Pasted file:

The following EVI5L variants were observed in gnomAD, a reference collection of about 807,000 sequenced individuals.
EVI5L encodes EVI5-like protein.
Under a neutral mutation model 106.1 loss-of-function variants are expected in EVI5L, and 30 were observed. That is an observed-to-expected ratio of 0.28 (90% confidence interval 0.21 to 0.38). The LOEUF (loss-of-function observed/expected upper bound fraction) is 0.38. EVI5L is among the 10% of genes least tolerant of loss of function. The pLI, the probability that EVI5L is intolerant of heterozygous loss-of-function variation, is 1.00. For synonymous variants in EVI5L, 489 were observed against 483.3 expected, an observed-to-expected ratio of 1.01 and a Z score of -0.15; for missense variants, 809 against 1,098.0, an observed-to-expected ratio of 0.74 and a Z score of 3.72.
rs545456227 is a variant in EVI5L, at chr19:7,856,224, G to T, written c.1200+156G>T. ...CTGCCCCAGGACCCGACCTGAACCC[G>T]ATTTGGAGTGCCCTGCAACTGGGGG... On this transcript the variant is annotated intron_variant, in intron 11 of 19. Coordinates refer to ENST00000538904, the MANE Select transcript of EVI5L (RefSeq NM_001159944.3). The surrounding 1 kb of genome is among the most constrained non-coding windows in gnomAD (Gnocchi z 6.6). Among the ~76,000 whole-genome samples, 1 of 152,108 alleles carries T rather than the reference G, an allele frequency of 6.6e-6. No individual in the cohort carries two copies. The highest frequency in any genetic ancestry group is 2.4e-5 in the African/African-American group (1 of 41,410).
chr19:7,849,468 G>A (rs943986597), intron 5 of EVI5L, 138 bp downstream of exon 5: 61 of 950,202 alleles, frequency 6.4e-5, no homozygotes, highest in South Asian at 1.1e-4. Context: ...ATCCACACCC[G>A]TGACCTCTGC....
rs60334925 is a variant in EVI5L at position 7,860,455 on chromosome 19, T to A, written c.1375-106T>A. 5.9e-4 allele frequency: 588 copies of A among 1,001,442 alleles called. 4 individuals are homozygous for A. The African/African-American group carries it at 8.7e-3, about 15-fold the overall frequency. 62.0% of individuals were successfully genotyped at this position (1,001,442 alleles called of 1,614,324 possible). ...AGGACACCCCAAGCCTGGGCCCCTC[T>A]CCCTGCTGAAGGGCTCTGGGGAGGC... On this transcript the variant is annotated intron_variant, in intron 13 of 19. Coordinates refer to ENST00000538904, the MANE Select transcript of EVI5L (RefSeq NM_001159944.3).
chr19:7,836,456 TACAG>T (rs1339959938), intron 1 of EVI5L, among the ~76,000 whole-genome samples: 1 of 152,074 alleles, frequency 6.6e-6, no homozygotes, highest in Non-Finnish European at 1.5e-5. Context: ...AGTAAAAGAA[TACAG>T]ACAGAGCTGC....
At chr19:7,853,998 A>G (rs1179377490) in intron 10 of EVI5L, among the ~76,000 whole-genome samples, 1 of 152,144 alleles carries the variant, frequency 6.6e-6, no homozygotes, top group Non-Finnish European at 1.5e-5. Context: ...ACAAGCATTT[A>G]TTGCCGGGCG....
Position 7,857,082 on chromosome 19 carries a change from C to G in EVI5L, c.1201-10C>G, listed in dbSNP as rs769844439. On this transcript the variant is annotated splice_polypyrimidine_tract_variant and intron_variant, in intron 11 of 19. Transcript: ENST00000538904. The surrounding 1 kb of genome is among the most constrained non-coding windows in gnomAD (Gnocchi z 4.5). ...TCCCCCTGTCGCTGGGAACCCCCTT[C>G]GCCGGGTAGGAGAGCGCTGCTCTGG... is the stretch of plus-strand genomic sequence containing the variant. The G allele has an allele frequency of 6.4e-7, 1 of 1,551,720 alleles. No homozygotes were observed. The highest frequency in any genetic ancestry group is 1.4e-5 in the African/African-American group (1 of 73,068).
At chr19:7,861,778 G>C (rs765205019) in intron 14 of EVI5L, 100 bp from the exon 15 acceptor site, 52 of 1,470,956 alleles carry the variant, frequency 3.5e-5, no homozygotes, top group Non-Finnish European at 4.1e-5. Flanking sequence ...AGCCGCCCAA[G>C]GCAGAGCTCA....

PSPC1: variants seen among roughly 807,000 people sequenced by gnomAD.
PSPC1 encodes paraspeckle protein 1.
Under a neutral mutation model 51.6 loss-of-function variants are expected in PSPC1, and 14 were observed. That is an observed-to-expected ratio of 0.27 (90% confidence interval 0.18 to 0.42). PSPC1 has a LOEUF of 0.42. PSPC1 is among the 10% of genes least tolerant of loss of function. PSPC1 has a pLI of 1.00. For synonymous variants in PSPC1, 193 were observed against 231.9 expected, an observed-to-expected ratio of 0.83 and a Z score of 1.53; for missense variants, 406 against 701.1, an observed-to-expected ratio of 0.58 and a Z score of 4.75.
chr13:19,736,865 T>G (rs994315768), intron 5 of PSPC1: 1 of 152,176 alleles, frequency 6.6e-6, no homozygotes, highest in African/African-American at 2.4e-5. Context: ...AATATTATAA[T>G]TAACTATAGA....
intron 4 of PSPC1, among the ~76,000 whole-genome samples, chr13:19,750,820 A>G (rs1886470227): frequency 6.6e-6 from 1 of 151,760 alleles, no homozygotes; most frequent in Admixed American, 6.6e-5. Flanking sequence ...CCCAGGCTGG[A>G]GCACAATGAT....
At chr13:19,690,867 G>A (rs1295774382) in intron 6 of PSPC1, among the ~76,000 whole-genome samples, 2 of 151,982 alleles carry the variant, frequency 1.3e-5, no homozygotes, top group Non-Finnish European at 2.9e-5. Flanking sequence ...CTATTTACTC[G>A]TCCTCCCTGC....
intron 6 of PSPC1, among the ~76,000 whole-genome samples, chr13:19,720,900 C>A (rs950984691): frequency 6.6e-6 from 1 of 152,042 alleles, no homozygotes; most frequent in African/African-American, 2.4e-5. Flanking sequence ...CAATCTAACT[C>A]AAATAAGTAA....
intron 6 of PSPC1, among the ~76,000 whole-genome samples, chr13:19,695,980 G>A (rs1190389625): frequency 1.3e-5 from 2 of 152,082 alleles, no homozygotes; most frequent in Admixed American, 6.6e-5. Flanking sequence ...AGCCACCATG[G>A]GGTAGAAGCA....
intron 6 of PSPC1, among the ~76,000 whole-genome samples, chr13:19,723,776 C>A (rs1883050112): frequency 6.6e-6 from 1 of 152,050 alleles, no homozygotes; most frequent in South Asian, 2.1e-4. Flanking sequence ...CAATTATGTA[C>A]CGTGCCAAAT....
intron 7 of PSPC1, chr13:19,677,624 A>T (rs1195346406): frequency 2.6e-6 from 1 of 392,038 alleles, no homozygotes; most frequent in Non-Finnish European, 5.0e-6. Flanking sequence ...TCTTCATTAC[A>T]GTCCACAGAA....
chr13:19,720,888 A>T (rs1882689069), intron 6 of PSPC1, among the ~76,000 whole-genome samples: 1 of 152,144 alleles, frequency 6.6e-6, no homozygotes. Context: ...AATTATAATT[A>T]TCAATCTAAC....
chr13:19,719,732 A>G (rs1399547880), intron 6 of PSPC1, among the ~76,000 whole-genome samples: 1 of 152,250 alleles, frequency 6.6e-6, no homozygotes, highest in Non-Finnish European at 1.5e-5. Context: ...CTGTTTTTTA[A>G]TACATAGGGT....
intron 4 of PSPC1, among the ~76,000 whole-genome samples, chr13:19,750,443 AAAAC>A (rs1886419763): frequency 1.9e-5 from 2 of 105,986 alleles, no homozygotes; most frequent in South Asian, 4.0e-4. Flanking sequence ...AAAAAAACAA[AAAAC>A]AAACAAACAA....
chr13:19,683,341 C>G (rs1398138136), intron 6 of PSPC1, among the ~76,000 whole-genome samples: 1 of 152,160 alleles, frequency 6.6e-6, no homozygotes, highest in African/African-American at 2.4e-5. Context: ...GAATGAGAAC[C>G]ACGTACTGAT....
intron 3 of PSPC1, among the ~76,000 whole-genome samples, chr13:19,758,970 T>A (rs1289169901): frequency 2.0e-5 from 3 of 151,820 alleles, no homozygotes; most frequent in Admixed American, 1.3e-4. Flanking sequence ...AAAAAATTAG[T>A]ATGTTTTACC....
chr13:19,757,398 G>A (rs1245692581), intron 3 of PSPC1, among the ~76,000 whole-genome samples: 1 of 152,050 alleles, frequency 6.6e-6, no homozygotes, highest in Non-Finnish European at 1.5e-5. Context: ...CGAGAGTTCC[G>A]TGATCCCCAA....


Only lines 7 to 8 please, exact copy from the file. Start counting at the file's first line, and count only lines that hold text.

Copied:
chr19:7,836,456 TACAG>T (rs1339959938), intron 1 of EVI5L, among the ~76,000 whole-genome samples: 1 of 152,074 alleles, frequency 6.6e-6, no homozygotes, highest in Non-Finnish European at 1.5e-5. Context: ...AGTAAAAGAA[TACAG>T]ACAGAGCTGC....
At chr19:7,853,998 A>G (rs1179377490) in intron 10 of EVI5L, among the ~76,000 whole-genome samples, 1 of 152,144 alleles carries the variant, frequency 6.6e-6, no homozygotes, top group Non-Finnish European at 1.5e-5. Context: ...ACAAGCATTT[A>G]TTGCCGGGCG....